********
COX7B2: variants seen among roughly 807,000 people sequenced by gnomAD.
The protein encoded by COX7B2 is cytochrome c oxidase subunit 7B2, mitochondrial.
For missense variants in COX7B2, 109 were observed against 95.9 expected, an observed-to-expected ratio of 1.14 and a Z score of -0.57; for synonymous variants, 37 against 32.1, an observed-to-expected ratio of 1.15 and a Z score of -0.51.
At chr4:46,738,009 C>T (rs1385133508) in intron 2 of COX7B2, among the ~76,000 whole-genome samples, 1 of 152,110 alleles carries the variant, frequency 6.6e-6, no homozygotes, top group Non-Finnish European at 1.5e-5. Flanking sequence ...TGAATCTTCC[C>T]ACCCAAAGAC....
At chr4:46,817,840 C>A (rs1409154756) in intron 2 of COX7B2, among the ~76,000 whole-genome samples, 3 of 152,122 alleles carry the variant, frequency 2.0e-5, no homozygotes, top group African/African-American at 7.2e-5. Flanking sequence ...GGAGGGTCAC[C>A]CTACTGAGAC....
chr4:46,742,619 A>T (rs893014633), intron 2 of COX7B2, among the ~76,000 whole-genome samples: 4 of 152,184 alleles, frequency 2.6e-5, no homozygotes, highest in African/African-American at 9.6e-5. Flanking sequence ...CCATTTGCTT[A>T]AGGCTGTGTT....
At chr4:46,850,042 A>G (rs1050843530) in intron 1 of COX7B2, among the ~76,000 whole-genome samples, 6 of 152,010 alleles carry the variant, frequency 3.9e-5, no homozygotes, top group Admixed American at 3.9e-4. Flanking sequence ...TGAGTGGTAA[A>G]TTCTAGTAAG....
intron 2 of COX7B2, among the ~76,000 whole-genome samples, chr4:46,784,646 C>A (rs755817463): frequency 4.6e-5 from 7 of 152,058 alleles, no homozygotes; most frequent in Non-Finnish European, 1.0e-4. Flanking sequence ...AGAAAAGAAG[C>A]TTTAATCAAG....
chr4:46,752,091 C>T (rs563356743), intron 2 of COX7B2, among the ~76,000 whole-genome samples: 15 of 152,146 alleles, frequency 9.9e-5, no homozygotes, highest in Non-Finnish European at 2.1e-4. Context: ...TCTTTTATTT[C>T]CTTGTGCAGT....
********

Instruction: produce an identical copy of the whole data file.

COX7B2: variants seen among roughly 807,000 people sequenced by gnomAD.
The protein encoded by COX7B2 is cytochrome c oxidase subunit 7B2, mitochondrial.
For missense variants in COX7B2, 109 were observed against 95.9 expected, an observed-to-expected ratio of 1.14 and a Z score of -0.57; for synonymous variants, 37 against 32.1, an observed-to-expected ratio of 1.15 and a Z score of -0.51.
At chr4:46,738,009 C>T (rs1385133508) in intron 2 of COX7B2, among the ~76,000 whole-genome samples, 1 of 152,110 alleles carries the variant, frequency 6.6e-6, no homozygotes, top group Non-Finnish European at 1.5e-5. Flanking sequence ...TGAATCTTCC[C>T]ACCCAAAGAC....
At chr4:46,817,840 C>A (rs1409154756) in intron 2 of COX7B2, among the ~76,000 whole-genome samples, 3 of 152,122 alleles carry the variant, frequency 2.0e-5, no homozygotes, top group African/African-American at 7.2e-5. Flanking sequence ...GGAGGGTCAC[C>A]CTACTGAGAC....
chr4:46,742,619 A>T (rs893014633), intron 2 of COX7B2, among the ~76,000 whole-genome samples: 4 of 152,184 alleles, frequency 2.6e-5, no homozygotes, highest in African/African-American at 9.6e-5. Flanking sequence ...CCATTTGCTT[A>T]AGGCTGTGTT....
At chr4:46,850,042 A>G (rs1050843530) in intron 1 of COX7B2, among the ~76,000 whole-genome samples, 6 of 152,010 alleles carry the variant, frequency 3.9e-5, no homozygotes, top group Admixed American at 3.9e-4. Flanking sequence ...TGAGTGGTAA[A>G]TTCTAGTAAG....
intron 2 of COX7B2, among the ~76,000 whole-genome samples, chr4:46,784,646 C>A (rs755817463): frequency 4.6e-5 from 7 of 152,058 alleles, no homozygotes; most frequent in Non-Finnish European, 1.0e-4. Flanking sequence ...AGAAAAGAAG[C>A]TTTAATCAAG....
chr4:46,752,091 C>T (rs563356743), intron 2 of COX7B2, among the ~76,000 whole-genome samples: 15 of 152,146 alleles, frequency 9.9e-5, no homozygotes, highest in Non-Finnish European at 2.1e-4. Context: ...TCTTTTATTT[C>T]CTTGTGCAGT....